The proposal to reduce income by £6,000 per GP, with the only means of 'earning it back' by working additional hours, is insulting and demoralising.
Encouraging patients to expect GP services in the evenings and weekends can only work if more GPs, practice nurses and back-up services are provided.
If we see patients for routine, rather than urgent problems - as urgent problems should continue to go to the out-of-hours service - in the evening, they will become aware that we are 'open' and start turning up with urgent problems. It would not be possible to turn them away, and workload would increase further.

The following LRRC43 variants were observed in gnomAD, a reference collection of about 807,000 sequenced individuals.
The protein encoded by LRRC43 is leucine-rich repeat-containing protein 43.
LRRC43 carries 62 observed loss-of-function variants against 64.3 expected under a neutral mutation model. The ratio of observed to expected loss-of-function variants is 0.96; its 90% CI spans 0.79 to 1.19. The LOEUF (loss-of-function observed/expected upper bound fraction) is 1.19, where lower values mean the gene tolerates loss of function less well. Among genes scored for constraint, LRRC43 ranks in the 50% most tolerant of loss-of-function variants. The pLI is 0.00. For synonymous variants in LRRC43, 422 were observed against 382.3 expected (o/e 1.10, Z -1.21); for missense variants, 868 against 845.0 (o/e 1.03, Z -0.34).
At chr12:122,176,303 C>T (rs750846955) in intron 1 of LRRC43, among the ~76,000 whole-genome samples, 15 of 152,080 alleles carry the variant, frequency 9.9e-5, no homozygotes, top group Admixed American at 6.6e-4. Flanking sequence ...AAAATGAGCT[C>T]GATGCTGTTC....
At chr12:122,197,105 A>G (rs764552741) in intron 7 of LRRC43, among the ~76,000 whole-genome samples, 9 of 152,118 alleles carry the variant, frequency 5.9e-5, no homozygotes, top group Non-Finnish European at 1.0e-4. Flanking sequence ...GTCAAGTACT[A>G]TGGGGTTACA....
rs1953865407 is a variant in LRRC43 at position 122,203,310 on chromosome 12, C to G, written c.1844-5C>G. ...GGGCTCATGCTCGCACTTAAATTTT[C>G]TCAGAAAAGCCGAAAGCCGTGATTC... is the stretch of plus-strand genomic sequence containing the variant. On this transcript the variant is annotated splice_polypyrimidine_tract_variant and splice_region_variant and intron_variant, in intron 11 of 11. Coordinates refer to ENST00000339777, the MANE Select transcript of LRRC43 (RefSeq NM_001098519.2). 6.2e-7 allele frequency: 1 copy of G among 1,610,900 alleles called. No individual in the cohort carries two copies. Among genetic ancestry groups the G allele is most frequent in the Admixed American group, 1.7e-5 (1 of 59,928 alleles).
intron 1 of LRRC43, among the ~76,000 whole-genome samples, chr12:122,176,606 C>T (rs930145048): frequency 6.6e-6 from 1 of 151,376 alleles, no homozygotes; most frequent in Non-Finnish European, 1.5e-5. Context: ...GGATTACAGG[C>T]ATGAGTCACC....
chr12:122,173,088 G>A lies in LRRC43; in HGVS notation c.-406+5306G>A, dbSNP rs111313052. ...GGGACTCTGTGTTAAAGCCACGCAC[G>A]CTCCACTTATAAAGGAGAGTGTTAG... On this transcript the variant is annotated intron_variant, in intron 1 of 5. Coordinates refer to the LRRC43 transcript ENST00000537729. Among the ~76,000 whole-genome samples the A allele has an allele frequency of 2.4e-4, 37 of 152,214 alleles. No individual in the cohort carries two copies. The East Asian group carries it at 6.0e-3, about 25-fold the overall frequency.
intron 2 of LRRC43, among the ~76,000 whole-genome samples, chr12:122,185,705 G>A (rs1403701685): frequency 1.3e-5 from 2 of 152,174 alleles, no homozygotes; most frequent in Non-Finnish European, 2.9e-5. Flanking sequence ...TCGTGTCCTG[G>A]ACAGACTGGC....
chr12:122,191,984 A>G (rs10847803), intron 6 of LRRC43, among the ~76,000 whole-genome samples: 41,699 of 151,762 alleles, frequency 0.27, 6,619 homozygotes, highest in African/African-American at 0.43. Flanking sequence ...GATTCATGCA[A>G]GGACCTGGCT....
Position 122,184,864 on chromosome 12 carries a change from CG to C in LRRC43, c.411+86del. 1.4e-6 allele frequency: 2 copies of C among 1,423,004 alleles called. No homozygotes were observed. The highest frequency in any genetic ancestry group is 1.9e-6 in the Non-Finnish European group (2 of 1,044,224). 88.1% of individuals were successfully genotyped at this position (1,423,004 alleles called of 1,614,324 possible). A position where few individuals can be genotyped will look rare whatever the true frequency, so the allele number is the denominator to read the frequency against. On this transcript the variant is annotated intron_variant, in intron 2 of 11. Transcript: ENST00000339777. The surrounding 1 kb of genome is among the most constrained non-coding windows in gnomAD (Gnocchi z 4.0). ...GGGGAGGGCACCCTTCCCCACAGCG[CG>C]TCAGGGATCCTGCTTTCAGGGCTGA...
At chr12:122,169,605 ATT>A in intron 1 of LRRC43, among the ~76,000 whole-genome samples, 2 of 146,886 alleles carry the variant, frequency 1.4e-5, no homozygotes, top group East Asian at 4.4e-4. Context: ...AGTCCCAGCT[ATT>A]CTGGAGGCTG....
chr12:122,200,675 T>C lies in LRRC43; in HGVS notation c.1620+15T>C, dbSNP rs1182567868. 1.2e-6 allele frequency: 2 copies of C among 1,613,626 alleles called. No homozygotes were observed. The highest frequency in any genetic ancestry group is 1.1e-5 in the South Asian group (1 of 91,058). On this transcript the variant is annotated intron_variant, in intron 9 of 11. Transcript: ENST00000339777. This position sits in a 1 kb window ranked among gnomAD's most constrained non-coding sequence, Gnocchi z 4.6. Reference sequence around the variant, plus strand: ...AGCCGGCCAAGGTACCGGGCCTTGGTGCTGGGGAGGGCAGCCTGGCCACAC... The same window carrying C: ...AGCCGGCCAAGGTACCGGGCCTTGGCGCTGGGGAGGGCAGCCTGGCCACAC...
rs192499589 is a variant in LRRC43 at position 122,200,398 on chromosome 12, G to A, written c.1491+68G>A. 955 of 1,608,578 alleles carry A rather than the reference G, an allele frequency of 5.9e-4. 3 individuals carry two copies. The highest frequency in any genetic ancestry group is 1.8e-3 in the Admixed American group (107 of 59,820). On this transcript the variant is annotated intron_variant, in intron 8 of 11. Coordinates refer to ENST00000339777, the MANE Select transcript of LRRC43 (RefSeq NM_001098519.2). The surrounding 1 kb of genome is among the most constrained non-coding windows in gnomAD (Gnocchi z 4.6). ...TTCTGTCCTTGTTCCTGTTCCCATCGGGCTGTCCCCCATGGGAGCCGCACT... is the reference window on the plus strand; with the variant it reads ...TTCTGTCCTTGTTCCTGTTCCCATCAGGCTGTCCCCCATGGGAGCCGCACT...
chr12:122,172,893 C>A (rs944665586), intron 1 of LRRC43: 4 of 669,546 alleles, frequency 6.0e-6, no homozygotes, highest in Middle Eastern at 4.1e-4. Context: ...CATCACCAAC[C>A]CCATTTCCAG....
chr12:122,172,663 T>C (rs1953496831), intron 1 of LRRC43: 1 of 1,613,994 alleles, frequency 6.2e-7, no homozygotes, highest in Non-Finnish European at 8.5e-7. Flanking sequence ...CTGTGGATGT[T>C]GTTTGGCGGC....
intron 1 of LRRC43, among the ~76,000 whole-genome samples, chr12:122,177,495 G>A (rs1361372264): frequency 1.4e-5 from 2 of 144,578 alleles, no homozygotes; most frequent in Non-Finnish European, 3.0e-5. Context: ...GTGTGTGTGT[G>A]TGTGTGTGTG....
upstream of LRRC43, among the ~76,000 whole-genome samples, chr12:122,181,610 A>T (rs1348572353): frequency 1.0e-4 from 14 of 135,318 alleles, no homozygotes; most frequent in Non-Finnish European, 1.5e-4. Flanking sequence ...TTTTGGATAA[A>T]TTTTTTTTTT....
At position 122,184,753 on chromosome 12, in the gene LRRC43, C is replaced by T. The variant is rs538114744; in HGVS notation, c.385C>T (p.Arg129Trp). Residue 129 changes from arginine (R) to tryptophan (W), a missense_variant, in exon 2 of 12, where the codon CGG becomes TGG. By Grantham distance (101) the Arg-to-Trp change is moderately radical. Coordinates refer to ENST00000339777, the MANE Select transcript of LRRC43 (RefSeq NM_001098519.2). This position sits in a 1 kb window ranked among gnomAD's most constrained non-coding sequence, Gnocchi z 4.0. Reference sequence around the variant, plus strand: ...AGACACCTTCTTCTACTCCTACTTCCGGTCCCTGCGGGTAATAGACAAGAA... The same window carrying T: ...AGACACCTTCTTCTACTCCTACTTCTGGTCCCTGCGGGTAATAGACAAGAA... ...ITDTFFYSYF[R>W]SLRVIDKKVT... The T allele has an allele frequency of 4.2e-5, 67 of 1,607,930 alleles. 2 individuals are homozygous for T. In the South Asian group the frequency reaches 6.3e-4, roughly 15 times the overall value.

Most of us have lives outside of general practice; working from 8am-7pm is enough. Extended hours must be additional hours and, if we are not to work them personally, we must employ others to do them for us. This is not feasible.
So, we have made a business decision to lose the DES income by not opting in. We will attempt to reduce our expenses perhaps by natural wastage of staff when they leave, and by other means, which may mean reduced services to patients.
Of course if you ask patients if they would like us to be open in the evenings or at weekends some will say 'yes'. However, most employed patients are able to take time off to see their GP.
The majority who attend regularly are children, elderly or not working as a result of their medical problem.
It is a small minority who wish to come in during the 'extended hours' period. We do not receive complaints about our hours of availability.
Dr Tony Kaye, Davyhulme, Manchester.